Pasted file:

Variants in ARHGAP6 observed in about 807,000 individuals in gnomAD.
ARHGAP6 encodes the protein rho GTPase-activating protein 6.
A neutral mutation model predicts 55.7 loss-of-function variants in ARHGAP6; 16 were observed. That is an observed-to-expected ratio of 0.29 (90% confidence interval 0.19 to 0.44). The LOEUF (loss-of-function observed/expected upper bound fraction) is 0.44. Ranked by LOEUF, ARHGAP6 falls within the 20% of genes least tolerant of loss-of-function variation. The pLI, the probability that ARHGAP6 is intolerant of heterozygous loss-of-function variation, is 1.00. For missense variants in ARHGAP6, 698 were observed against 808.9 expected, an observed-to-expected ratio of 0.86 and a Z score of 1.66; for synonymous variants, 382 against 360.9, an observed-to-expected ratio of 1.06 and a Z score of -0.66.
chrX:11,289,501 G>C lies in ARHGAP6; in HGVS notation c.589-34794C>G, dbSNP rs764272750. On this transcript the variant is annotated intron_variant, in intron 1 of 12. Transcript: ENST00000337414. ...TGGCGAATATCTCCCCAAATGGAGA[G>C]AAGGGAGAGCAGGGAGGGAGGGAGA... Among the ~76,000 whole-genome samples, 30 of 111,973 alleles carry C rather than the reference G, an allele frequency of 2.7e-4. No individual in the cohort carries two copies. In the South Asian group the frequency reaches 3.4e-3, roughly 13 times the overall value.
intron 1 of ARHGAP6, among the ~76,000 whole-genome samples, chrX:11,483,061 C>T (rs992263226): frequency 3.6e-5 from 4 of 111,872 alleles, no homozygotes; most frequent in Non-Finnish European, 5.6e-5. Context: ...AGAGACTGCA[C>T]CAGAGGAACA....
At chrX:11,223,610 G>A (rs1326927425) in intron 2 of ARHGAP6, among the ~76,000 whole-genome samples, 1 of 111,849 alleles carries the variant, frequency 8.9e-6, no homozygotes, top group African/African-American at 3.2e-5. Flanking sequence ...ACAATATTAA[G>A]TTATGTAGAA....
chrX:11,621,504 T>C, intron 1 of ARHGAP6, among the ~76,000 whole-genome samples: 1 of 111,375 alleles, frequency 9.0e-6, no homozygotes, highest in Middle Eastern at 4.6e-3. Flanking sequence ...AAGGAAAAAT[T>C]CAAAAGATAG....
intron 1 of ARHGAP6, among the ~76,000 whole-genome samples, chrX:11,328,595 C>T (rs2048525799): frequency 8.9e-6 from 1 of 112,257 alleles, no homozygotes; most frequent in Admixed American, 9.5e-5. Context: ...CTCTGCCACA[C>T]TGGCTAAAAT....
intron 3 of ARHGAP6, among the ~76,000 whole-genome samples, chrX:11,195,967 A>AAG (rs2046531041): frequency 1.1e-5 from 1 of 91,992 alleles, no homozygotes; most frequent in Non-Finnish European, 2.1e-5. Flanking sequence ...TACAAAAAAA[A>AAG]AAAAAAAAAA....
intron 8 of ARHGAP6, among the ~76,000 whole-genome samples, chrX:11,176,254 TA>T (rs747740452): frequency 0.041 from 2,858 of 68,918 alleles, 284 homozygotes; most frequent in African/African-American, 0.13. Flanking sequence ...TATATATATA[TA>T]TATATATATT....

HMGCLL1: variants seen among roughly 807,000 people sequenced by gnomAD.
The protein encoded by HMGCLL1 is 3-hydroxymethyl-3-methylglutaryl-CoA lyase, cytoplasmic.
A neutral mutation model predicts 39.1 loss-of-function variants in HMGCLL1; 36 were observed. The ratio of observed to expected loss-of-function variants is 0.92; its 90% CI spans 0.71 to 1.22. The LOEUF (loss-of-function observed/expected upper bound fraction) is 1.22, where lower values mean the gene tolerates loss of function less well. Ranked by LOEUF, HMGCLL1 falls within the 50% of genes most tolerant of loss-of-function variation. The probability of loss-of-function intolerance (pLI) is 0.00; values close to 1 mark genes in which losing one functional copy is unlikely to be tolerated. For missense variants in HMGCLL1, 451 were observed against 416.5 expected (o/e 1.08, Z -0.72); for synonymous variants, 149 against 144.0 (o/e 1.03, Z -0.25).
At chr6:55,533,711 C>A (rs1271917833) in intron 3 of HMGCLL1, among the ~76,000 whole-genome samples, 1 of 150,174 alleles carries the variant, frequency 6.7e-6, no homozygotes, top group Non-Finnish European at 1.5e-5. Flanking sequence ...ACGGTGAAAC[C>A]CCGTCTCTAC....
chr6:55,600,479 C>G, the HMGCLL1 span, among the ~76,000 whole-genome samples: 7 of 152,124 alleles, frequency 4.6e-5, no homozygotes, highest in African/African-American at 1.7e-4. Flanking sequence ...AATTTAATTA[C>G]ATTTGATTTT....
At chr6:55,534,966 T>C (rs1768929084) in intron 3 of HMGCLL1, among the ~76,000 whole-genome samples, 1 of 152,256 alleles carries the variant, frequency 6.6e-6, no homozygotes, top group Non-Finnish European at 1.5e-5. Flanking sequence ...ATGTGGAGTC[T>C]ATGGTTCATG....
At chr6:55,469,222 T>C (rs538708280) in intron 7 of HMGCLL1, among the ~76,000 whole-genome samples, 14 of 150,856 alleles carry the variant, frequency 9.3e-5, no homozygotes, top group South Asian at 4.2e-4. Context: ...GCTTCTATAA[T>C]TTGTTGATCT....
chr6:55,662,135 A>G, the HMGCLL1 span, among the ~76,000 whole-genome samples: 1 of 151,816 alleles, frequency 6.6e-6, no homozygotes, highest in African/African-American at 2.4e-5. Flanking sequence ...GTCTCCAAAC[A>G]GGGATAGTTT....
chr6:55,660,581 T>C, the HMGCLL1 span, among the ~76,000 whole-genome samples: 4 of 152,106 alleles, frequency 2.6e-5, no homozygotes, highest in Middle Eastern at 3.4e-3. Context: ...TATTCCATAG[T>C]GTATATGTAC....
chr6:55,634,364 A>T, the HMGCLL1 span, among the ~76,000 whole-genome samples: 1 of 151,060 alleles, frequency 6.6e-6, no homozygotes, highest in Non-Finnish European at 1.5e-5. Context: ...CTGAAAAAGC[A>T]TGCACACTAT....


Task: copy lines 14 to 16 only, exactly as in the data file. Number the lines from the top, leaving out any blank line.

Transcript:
At chr6:55,533,711 C>A (rs1271917833) in intron 3 of HMGCLL1, among the ~76,000 whole-genome samples, 1 of 150,174 alleles carries the variant, frequency 6.7e-6, no homozygotes, top group Non-Finnish European at 1.5e-5. Flanking sequence ...ACGGTGAAAC[C>A]CCGTCTCTAC....
chr6:55,600,479 C>G, the HMGCLL1 span, among the ~76,000 whole-genome samples: 7 of 152,124 alleles, frequency 4.6e-5, no homozygotes, highest in African/African-American at 1.7e-4. Flanking sequence ...AATTTAATTA[C>G]ATTTGATTTT....
At chr6:55,534,966 T>C (rs1768929084) in intron 3 of HMGCLL1, among the ~76,000 whole-genome samples, 1 of 152,256 alleles carries the variant, frequency 6.6e-6, no homozygotes, top group Non-Finnish European at 1.5e-5. Flanking sequence ...ATGTGGAGTC[T>C]ATGGTTCATG....